Re-post: Epiphany & field plans - Jan 05
According to Wikipedia, Epiphany was set on the 6th January because Chanuka, the Jewish Festival of Lights is on that date. Chanuka, I went on to read, is the time when Jews mark the renewing and/or rededication of their temple, by burning oil lamps and candles. I think the theme of renewal fits in with the other days we observe at this time of year, like New Year's day, Christmas day and the Solstice. Also it makes sense to have fire/light/candle rituals in the middle of Winter, just to keep people's spirits up when the days are so short and everything seems cold and dark. So the tradition, at this time of year, is to focus on renewal, before the seeds start sprouting and life begins again.
I can go with that, it feels right to light fires & candles and think about the year ahead. It's also a good time to plan which seeds to plant and where, and to start preparing the land for them before the weeds take root again. Early in November I cleared 2 of our raised beds and dressed one with manure (for potatoes) and the other with well-rotted compost from the bins. I'll probably try to grow brassicas in that one, but in previous years these have all been eaten by rabbits. This year I'm planning to construct metal cages over the brassicas and the crucifers too. The rabbits don't eat potatoes or the leguminous crops. The field is Northwest-facing and very exposed, so more crops do better if I start them off under cover and only plant them out when they're fairly strong.
But the thing I most need to be doing in the field in Winter is land-clearing, because it's easiest when the land is dormant. I usually do a bit just before Spring, in February - I widen the paths a bit and maybe surface some of them with grit or cinders and do any restructuring work that needs doing then. There's an area by the entrance where I want to convert a deep border into path and an overgrown brambly area into... I haven't decided what yet, and I'll have to decide before I clear it or it will just revert back to overgrown brambles. Nature has a way of doing what she wants.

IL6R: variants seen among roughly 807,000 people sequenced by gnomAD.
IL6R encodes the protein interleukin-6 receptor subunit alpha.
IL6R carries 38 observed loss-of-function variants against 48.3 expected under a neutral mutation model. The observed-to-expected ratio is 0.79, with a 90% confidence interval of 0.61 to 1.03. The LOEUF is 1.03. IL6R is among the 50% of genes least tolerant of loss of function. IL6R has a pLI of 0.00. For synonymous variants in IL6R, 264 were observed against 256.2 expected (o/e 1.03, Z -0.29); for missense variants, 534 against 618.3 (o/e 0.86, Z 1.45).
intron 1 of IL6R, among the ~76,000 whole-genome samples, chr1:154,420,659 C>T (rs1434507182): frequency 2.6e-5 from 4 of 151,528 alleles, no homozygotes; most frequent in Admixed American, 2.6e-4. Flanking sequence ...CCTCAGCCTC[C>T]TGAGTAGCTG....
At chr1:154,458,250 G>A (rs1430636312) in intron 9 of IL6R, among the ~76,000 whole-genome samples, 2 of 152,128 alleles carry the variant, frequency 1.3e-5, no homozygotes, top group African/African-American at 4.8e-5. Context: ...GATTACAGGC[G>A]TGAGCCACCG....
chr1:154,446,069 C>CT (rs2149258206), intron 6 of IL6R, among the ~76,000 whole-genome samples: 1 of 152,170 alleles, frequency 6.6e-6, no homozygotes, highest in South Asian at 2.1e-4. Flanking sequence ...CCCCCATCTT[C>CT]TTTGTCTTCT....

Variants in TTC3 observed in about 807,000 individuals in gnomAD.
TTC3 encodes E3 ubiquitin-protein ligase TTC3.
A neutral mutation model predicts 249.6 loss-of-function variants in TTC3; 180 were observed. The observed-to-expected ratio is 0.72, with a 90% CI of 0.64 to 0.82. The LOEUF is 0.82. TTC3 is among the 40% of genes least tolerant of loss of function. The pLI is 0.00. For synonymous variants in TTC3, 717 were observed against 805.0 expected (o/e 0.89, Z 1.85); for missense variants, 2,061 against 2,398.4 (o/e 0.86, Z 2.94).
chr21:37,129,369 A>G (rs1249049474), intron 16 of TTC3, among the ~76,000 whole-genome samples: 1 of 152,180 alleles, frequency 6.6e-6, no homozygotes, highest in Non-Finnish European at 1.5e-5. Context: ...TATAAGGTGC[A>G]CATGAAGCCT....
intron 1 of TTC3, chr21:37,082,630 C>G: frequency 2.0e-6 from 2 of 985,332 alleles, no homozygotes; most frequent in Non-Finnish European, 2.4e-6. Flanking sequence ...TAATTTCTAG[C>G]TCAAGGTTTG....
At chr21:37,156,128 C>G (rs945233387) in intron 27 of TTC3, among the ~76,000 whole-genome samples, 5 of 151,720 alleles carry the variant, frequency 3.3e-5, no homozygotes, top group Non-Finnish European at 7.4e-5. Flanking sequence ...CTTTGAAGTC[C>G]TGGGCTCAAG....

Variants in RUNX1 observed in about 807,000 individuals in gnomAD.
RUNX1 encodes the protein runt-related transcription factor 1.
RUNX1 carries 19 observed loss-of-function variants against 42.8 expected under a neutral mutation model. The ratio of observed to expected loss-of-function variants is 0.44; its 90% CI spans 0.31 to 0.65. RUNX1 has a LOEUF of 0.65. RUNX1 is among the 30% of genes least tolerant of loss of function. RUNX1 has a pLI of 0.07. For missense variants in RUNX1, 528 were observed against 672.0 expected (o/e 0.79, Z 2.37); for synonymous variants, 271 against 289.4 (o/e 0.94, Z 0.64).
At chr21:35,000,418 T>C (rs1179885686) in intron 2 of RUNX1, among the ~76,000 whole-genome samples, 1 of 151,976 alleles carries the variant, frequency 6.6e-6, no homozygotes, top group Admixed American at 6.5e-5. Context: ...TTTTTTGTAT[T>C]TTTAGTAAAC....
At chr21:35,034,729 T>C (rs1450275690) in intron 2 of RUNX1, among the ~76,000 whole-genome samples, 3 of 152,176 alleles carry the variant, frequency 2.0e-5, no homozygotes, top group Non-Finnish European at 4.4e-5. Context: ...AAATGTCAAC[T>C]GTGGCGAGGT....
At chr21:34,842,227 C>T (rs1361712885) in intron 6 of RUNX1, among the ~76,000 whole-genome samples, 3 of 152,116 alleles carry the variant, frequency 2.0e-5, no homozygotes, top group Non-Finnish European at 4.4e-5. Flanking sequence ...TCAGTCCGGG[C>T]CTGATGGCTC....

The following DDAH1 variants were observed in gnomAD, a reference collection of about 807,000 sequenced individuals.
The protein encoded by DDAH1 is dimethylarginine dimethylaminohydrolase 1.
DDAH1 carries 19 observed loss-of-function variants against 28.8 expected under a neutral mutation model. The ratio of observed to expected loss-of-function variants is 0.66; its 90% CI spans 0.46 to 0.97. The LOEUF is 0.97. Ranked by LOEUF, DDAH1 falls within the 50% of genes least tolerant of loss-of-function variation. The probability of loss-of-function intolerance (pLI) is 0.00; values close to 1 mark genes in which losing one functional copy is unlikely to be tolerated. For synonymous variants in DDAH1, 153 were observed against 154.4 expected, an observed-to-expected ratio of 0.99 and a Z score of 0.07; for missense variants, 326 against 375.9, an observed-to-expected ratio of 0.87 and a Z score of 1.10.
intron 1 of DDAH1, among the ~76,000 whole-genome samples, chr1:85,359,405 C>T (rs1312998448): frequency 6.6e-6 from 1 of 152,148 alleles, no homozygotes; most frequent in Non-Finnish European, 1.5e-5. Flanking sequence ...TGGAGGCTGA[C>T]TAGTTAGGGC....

My main aim regarding what I do in the field is to work with Nature rather than against her - which is why my field looks so unkempt compared to my neighbour's neatly-mown grassy haven! But I don't want to dominate the earth, I want to learn about it instead - there's an amazingly intricate system of chemical balance going on, when you leave ground to it's own devices. Weeds don't just grow in any old place; they all have a function, which is to replenish the soil with the nutrients it's missing, amongst other things. So, for example, nettles will grow where the soil is lacking in iron and after quite a few years, that soil will be iron-rich and something else will grow there instead - to replenish any other missing minerals. Of course, nettles are a valuable crop for us humans because they supply us with iron too, and huge amounts of other vitamins and minerals in early Spring, just when we need them. They've also got a lot of medicinal uses and you can make a powerful liquid plant food out of them. I'll always allow nettles to grow on my land, in fact I think long and hard before removing any plant that's put itself somewhere. I've never yet come across one that isn't performing a vital function, so I only pull 'weeds' when I *really* have to.
posted by Gill at 8:51 AM 0 comments